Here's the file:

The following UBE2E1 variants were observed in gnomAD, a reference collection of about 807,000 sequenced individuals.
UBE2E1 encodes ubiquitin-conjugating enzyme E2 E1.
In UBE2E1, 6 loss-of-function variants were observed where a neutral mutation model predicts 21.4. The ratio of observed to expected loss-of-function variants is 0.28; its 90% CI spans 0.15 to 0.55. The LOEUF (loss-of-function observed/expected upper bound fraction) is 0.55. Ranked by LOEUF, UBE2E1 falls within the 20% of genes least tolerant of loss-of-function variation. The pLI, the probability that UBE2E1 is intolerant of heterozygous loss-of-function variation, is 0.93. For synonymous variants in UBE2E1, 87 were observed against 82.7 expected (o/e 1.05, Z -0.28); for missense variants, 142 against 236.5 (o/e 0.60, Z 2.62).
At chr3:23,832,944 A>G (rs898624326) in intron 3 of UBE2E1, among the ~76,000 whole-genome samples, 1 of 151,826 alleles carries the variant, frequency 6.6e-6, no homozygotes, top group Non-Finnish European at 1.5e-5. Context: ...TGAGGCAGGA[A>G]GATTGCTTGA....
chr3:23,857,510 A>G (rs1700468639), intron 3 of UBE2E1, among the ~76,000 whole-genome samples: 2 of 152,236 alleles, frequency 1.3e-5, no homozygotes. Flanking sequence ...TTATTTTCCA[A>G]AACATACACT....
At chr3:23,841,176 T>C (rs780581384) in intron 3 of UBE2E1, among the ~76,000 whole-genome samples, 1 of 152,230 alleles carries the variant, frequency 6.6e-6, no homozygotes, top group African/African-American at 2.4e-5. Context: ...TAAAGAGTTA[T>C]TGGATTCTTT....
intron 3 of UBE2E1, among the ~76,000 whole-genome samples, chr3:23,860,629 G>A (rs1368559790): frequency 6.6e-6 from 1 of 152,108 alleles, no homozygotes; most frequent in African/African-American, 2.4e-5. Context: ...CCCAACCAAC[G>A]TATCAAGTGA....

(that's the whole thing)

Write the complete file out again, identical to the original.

The following UBE2E1 variants were observed in gnomAD, a reference collection of about 807,000 sequenced individuals.
UBE2E1 encodes ubiquitin-conjugating enzyme E2 E1.
In UBE2E1, 6 loss-of-function variants were observed where a neutral mutation model predicts 21.4. The ratio of observed to expected loss-of-function variants is 0.28; its 90% CI spans 0.15 to 0.55. The LOEUF (loss-of-function observed/expected upper bound fraction) is 0.55. Ranked by LOEUF, UBE2E1 falls within the 20% of genes least tolerant of loss-of-function variation. The pLI, the probability that UBE2E1 is intolerant of heterozygous loss-of-function variation, is 0.93. For synonymous variants in UBE2E1, 87 were observed against 82.7 expected (o/e 1.05, Z -0.28); for missense variants, 142 against 236.5 (o/e 0.60, Z 2.62).
At chr3:23,832,944 A>G (rs898624326) in intron 3 of UBE2E1, among the ~76,000 whole-genome samples, 1 of 151,826 alleles carries the variant, frequency 6.6e-6, no homozygotes, top group Non-Finnish European at 1.5e-5. Context: ...TGAGGCAGGA[A>G]GATTGCTTGA....
chr3:23,857,510 A>G (rs1700468639), intron 3 of UBE2E1, among the ~76,000 whole-genome samples: 2 of 152,236 alleles, frequency 1.3e-5, no homozygotes. Flanking sequence ...TTATTTTCCA[A>G]AACATACACT....
At chr3:23,841,176 T>C (rs780581384) in intron 3 of UBE2E1, among the ~76,000 whole-genome samples, 1 of 152,230 alleles carries the variant, frequency 6.6e-6, no homozygotes, top group African/African-American at 2.4e-5. Context: ...TAAAGAGTTA[T>C]TGGATTCTTT....
intron 3 of UBE2E1, among the ~76,000 whole-genome samples, chr3:23,860,629 G>A (rs1368559790): frequency 6.6e-6 from 1 of 152,108 alleles, no homozygotes; most frequent in African/African-American, 2.4e-5. Context: ...CCCAACCAAC[G>A]TATCAAGTGA....